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Arlington Residents Asked to Go Outside, Listen to Bugs for Science

Scientists are asking Arlingtonians to brave the great outdoors Friday night and listen to bugs.

The effort of part of the 7th annual “Cricket Crawl” to “crowdsource” data on the crickets and katydids that residents can hear on their streets and in their backyards.

“This is the census of our singing nighttime insects,” said Park Naturalist Jennifer Soles with the Gulf Branch Nature Center told ARLnow.

People interested in participating are asked to listen for the sounds of one of six species for one minute this Friday night, and write down what they hear. Participants can then text or and call leave a message at (240) 801-6878 with their observations, or email their notes to [email protected].

One of the six insects to listen for is the common true katydid, which Soles said can be found in the places with heavy tree cover and sounds like it’s saying “katydid, katydid, katydid.” Other species on the list — the regular field cricket, greater angler katydid, and jumping bush cricket — can generally be found throughout the county.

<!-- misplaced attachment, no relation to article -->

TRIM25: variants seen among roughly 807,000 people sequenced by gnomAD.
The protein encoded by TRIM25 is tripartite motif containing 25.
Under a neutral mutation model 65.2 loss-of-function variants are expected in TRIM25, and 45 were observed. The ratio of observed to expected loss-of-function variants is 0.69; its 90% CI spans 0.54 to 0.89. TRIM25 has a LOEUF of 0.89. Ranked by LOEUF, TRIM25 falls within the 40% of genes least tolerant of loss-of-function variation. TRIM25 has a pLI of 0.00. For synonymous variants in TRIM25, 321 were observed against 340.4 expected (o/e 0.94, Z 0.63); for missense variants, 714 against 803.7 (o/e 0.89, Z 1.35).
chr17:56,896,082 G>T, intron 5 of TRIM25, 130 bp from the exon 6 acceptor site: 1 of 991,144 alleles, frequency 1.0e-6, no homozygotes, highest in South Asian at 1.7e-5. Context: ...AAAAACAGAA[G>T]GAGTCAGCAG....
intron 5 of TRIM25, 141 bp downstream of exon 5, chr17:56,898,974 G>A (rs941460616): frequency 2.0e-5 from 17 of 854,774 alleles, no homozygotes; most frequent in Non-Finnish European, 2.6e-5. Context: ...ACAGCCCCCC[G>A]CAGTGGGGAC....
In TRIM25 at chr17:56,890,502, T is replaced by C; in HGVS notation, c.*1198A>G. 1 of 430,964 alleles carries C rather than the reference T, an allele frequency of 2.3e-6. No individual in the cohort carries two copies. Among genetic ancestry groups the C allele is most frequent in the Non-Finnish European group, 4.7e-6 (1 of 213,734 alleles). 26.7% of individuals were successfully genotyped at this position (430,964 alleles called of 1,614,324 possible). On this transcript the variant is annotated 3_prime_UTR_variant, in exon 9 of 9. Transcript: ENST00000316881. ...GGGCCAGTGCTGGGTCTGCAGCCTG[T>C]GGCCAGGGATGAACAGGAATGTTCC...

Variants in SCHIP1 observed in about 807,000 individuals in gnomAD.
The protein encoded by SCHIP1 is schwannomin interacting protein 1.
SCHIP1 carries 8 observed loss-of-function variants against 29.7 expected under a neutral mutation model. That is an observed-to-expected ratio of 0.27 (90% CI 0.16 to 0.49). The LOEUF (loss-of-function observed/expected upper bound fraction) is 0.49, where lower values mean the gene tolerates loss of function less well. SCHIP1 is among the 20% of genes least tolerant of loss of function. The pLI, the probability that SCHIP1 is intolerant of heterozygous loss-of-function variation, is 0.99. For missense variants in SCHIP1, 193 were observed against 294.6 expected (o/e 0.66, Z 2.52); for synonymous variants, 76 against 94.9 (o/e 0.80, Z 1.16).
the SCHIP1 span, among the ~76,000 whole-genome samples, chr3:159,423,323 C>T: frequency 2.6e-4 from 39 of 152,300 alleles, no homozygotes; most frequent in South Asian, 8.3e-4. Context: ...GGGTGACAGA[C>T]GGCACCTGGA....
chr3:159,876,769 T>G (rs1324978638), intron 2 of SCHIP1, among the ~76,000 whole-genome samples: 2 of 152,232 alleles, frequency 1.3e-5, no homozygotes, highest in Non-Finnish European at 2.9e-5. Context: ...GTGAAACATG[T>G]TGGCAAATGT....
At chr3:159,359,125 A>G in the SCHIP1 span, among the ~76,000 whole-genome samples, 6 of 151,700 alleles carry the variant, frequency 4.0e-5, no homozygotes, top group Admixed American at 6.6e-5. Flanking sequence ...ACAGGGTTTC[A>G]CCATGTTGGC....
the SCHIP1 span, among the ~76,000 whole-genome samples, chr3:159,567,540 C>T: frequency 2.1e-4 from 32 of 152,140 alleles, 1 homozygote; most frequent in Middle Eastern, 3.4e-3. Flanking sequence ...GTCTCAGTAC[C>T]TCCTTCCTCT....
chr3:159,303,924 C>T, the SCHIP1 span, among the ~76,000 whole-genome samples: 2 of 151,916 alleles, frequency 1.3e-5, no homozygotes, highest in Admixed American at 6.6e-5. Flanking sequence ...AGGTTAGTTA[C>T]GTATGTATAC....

Soles said the field cricket makes a “chirp chirp chirp” noise familiar to most people and the greater angler katydid makes a “tick tick tick” similar to the sound an ignitor makes on a gas stove. The jumping bush cricket by comparison, makes a “little peeping trill” with long pauses in between peeps.

More pictures and audio clips of the all six insect types in the census can be found on the event website.

One of the species that scientists are hoping to learn more about from the data is the japanese burrowing cricket, which has a similar, but faster, call compared to the field cricket.

The non-native species of insect was first discovered in 1959 in D.C., Virginia, and other nearby states, according to research published in the Annals of the Entomological Society of America.

She said the hope is that the Cricket Crawl could turn into the next Christmas Bird Count, and show trends of signing insects over time and indicate whether any of them is in danger of disappearing.

“When they started doing the Christmas Bird Count, maybe wasn’t the data wasn’t that good, or that strong, but after you start doing it for fifty years you saw we’re losing huge numbers of migratory birds,” said Solo.

She added that Friday’s census is an opportunity for the whole family to participate in the data collection.

“It’s about being aware of what’s in their environment, and what they could lose.,” she said.

Photo 1 via USGS Bee Inventory and Monitoring Lab/Flickr, photo 2 via James St. John/Flickr

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